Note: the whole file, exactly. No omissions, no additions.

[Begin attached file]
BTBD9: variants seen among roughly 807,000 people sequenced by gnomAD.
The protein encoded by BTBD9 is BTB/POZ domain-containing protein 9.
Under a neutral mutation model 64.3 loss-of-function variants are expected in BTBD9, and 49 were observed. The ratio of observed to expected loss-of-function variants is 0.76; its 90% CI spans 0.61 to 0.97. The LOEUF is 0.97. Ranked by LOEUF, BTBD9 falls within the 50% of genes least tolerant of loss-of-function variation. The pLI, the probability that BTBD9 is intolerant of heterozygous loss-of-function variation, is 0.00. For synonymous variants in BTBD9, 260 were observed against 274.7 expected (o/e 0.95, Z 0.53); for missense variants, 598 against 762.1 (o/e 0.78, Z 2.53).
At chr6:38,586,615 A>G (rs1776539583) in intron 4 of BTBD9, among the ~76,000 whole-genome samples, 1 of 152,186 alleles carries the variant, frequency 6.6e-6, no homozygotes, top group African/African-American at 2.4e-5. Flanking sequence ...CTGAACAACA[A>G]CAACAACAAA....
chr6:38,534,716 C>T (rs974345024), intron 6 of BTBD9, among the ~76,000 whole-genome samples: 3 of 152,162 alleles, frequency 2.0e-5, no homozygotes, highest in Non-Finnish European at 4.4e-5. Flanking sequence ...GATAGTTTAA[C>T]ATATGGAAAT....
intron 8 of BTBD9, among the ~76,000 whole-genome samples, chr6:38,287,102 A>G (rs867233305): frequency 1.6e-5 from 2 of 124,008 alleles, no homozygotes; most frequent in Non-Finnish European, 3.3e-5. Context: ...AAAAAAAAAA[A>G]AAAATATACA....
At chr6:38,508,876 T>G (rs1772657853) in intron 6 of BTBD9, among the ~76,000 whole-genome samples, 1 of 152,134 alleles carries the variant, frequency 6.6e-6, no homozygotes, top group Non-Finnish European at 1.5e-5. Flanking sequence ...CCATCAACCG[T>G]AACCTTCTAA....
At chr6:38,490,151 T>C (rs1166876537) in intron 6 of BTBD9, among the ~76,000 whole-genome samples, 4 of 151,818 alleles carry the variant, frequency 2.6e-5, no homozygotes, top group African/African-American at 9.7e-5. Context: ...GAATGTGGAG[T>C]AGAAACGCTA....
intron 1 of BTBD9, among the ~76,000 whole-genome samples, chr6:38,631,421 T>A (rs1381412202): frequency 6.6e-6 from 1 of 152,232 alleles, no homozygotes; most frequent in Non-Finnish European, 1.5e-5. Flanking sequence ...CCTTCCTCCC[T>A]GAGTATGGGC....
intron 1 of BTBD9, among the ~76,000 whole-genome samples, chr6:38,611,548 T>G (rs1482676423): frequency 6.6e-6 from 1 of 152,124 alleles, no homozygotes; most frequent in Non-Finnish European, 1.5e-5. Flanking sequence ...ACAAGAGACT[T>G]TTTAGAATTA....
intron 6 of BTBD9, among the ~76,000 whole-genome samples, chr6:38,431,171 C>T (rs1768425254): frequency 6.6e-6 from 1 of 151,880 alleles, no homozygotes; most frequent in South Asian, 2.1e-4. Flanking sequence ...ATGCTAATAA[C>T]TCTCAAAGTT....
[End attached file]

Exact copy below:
BTBD9: variants seen among roughly 807,000 people sequenced by gnomAD.
The protein encoded by BTBD9 is BTB/POZ domain-containing protein 9.
Under a neutral mutation model 64.3 loss-of-function variants are expected in BTBD9, and 49 were observed. The ratio of observed to expected loss-of-function variants is 0.76; its 90% CI spans 0.61 to 0.97. The LOEUF is 0.97. Ranked by LOEUF, BTBD9 falls within the 50% of genes least tolerant of loss-of-function variation. The pLI, the probability that BTBD9 is intolerant of heterozygous loss-of-function variation, is 0.00. For synonymous variants in BTBD9, 260 were observed against 274.7 expected (o/e 0.95, Z 0.53); for missense variants, 598 against 762.1 (o/e 0.78, Z 2.53).
At chr6:38,586,615 A>G (rs1776539583) in intron 4 of BTBD9, among the ~76,000 whole-genome samples, 1 of 152,186 alleles carries the variant, frequency 6.6e-6, no homozygotes, top group African/African-American at 2.4e-5. Flanking sequence ...CTGAACAACA[A>G]CAACAACAAA....
chr6:38,534,716 C>T (rs974345024), intron 6 of BTBD9, among the ~76,000 whole-genome samples: 3 of 152,162 alleles, frequency 2.0e-5, no homozygotes, highest in Non-Finnish European at 4.4e-5. Flanking sequence ...GATAGTTTAA[C>T]ATATGGAAAT....
intron 8 of BTBD9, among the ~76,000 whole-genome samples, chr6:38,287,102 A>G (rs867233305): frequency 1.6e-5 from 2 of 124,008 alleles, no homozygotes; most frequent in Non-Finnish European, 3.3e-5. Context: ...AAAAAAAAAA[A>G]AAAATATACA....
At chr6:38,508,876 T>G (rs1772657853) in intron 6 of BTBD9, among the ~76,000 whole-genome samples, 1 of 152,134 alleles carries the variant, frequency 6.6e-6, no homozygotes, top group Non-Finnish European at 1.5e-5. Flanking sequence ...CCATCAACCG[T>G]AACCTTCTAA....
At chr6:38,490,151 T>C (rs1166876537) in intron 6 of BTBD9, among the ~76,000 whole-genome samples, 4 of 151,818 alleles carry the variant, frequency 2.6e-5, no homozygotes, top group African/African-American at 9.7e-5. Context: ...GAATGTGGAG[T>C]AGAAACGCTA....
intron 1 of BTBD9, among the ~76,000 whole-genome samples, chr6:38,631,421 T>A (rs1381412202): frequency 6.6e-6 from 1 of 152,232 alleles, no homozygotes; most frequent in Non-Finnish European, 1.5e-5. Flanking sequence ...CCTTCCTCCC[T>A]GAGTATGGGC....
intron 1 of BTBD9, among the ~76,000 whole-genome samples, chr6:38,611,548 T>G (rs1482676423): frequency 6.6e-6 from 1 of 152,124 alleles, no homozygotes; most frequent in Non-Finnish European, 1.5e-5. Flanking sequence ...ACAAGAGACT[T>G]TTTAGAATTA....
intron 6 of BTBD9, among the ~76,000 whole-genome samples, chr6:38,431,171 C>T (rs1768425254): frequency 6.6e-6 from 1 of 151,880 alleles, no homozygotes; most frequent in South Asian, 2.1e-4. Flanking sequence ...ATGCTAATAA[C>T]TCTCAAAGTT....